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CGC questions measures proposed by South Africa to prevent entry of its pests into the EU

The Citrus Management Committee (CGC), the national association that brings together private exporters, regrets the uncertainty created by the revision of phytosanitary protocols to regulate South African citrus imports to the EU. Shipments have already begun and some are already arriving in European ports and the Commission (EC) has not yet validated the proposal made by this country. After the strong rebound last season in European interceptions of the Citrus Black Spot (CBS) -with up to 24 port refusals- and 14 interceptions of the dangerous Thaumatotibia leucotreta  moth, South Africa had to commit to review its control programs for both pests.


Damage caused by the Thaumatotibia leucotreta in an orange imported last year that passed European port controls

The CGC has been able to ascertain that there have been significant changes that, if possible,  generate greater distrust. On the one hand, the South African Ministry of Agriculture (DAFF) has failed to monitor the compliance of both programs, which have been entrusted until 2019 to the same public company (called PPECB) that last year inspected them and gave way to such an alarming amount of port rejections. On the other hand, some of the most relevant measures proposed to ensure the phytosanitary status of the shipments to the EU haven't been confirmed by independent scientists or comply with international regulations. In particular, and as a sign of the inability to contain the Thaumatotibia at origin, the Citrus Growers Association of Southern Africa has proposed a false cold treatment that hasn't been tested for this insect and that, according to the CGC, "has been tailored to save face."

For this reason, the CGC - like the Spanish citrus sector as a whole and even the European Parliament - has demanded as a producer country that the EC require the same cold treatment applied by the US or China to South African citrus imports to protect itself from this moth, whose larvae develops inside the fruit destroying it from the pulp, which makes detection very difficult and that increases the possibilities of contagion.


A specimen of the Thaumatotibia leucotreta after extracting it from a South African orange imported by the EU

The problem generated at the start of the Southern Hemisphere's import campaign with the EU's first third-party counter-supplier is a consequence of the margin that the EU executive gave the South African sector when it decided to declare this plague a quarantine pest, making inspection in European port facilities mandatory since January 1, 2018. Thus, instead of acting like other non-European countries that also have to protect their citrus productions against pests, the EC opted for an alternative model in which the South African exporters themselves choose the phytosanitary import conditions in the EU market.

Today - once such regulatory change has taken effect - the CGC has learned that the South African proposal includes a false cold treatment, which has only been theoretically endorsed by the Citrus Research International (CRI) center, which is financed by the South African exporters. This cold treatment, which doesn't have a specified duration or official control by independent officials,  would be applied during the crossing to Europe and to different degrees, depending on the status of the field from which the fruit comes and doesn't apply for lemons and grapefruit.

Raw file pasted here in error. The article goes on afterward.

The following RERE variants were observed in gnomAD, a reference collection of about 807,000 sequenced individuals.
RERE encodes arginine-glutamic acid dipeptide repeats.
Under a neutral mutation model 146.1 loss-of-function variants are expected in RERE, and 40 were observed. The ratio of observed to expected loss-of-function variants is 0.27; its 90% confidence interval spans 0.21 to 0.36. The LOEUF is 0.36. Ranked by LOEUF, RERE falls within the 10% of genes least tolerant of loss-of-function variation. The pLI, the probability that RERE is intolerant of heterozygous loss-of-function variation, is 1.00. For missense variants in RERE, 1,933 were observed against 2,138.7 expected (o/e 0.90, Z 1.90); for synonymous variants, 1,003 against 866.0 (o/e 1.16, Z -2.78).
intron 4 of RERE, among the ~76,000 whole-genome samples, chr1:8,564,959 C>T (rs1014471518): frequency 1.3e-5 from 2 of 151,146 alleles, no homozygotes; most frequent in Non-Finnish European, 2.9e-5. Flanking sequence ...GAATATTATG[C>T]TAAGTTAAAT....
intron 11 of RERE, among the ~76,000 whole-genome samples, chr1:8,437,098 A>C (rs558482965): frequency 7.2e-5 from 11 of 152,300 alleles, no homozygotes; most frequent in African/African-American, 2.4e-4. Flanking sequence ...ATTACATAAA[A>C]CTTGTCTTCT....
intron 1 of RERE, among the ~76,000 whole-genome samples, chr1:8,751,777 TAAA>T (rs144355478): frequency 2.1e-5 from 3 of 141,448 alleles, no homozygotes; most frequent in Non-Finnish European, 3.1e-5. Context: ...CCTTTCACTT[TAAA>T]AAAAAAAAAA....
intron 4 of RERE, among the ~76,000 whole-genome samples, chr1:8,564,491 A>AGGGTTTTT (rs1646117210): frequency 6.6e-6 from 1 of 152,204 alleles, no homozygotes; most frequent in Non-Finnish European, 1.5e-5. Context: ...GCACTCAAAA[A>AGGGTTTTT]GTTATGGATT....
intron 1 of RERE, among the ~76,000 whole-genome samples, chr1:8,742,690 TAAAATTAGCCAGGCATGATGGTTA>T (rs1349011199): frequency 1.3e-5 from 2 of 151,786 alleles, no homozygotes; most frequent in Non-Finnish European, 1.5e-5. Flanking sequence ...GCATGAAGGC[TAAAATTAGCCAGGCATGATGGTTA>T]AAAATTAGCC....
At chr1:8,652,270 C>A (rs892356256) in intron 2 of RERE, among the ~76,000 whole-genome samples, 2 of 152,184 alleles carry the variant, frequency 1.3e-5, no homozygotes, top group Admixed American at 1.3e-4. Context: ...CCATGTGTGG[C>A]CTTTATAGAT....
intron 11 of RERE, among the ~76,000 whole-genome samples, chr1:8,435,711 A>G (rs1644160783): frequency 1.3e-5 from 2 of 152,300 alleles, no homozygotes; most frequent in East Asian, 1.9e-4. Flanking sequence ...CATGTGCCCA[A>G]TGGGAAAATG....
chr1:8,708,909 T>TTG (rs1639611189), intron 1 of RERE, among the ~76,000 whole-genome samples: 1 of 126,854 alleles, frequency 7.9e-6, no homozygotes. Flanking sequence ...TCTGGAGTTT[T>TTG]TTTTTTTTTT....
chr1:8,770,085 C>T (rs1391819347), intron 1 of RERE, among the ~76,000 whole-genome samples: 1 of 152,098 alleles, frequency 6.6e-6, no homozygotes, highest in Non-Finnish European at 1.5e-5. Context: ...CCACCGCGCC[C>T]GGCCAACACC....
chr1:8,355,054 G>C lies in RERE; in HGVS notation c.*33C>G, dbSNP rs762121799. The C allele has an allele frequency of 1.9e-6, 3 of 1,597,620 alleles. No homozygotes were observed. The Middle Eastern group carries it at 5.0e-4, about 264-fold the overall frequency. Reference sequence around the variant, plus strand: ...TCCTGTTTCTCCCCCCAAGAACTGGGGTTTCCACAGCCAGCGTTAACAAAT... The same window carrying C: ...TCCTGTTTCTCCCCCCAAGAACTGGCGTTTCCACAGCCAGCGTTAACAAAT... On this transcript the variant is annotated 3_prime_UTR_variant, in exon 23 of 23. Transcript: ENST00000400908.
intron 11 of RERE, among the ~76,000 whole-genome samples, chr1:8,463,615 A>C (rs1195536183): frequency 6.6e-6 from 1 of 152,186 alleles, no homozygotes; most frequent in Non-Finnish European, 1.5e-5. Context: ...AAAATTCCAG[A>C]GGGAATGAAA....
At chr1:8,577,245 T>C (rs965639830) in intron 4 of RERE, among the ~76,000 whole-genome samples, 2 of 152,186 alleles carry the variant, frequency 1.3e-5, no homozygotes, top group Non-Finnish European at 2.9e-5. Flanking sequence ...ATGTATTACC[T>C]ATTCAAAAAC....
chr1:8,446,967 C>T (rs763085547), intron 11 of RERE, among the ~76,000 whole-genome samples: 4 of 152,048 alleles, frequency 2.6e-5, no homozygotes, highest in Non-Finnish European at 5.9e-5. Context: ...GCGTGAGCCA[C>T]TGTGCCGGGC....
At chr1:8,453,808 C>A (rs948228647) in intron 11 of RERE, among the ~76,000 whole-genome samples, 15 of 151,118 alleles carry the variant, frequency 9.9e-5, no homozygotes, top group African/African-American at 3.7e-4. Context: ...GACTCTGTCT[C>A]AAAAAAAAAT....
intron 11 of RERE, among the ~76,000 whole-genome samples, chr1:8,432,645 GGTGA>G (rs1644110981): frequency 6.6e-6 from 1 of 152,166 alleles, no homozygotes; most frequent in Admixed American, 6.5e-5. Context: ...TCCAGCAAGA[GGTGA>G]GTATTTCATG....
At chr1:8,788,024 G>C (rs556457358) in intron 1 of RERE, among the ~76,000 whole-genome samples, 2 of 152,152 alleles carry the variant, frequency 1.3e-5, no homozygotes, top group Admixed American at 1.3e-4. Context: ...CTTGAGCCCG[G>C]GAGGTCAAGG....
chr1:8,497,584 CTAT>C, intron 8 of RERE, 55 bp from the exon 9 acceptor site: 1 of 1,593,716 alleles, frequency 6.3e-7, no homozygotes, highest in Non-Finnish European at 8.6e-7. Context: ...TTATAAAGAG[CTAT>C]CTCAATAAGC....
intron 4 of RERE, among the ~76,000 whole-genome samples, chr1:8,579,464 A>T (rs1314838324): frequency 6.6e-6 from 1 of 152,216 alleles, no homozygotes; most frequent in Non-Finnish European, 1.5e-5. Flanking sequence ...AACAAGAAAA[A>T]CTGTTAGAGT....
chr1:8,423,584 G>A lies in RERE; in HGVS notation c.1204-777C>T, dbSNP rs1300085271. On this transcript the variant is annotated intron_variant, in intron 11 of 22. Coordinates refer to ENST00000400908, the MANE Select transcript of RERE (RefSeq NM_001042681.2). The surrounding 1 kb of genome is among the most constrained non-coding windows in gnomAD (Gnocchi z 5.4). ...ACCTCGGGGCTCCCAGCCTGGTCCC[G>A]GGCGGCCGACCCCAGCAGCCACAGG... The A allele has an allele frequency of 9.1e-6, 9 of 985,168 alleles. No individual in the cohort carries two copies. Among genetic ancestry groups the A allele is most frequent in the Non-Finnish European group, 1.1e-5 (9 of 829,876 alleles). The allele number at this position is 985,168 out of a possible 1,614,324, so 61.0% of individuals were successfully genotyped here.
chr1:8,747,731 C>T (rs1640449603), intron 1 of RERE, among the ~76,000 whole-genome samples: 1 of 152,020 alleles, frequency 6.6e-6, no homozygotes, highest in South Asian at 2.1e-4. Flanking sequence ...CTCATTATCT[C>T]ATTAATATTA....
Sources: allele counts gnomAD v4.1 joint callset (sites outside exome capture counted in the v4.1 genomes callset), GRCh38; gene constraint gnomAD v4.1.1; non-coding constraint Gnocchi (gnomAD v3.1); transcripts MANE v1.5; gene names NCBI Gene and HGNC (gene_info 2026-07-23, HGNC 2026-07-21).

Warning sign of the federal government of California (US) about this pest, with images of the APHIS-USDA ( The US Ministry of Agriculture )

According to the CGC, , beyond increasing the danger of contamination due to its partiality and probable ineffectiveness, accepting such a method would mean establishing a dangerous precedent and a comparative wrong with respect to Spanish exports, as Spanish producers are forced by citrus powers, such as China, the US, Japan, and Korea, to apply a complete program that is reviewed and endorsed by the Administration -not by a concessionaire company, like in the South African case- and a strict cold treatment  to ensure the non-survival of larvae some of Ceratitis capitata. Unlike the South African treatment, this treatment does not exclude any item, it sets a specific number of treatment days and compliance during the journey is verified by various approved sensors. Moreover, regarding this same moth, South Africa accepts the conditions imposed by the US and China, among others, which includes submitting their shipments - without exceptions - to a real cold treatment, that is, at temperatures below zero (not above zero, as is now the case for the EU) for at least 22 days.

It's worth noting that a few months ago three of the researchers of the CRI, which supposedly supports this false treatment, wrote a scientific article about the supposed presence of the Phylosticta citricarpa in citrus areas of the northern shore of the Mediterranean. According to the thesis, this area's agro-climatic conditions are not suitable to develop this crop because of the presence of this pathogen and not of the black spot fungus (CBS). Such a discovery would have been key to a subsequent official request with which to finalize the current phytosanitary protocol. Recently, an EFSA panel denied this finding and openly questioned the manner in which the research was done. "The EC should instruct EFSA to revise the protocols now proposed before validating them, just like it did back then. In the meantime they should demand the only protocol that has proved effective against the Thaumatotibia so far, which is the one requested by the US and China," the Management Committee stated.

Publication date: 6/11/2018


 


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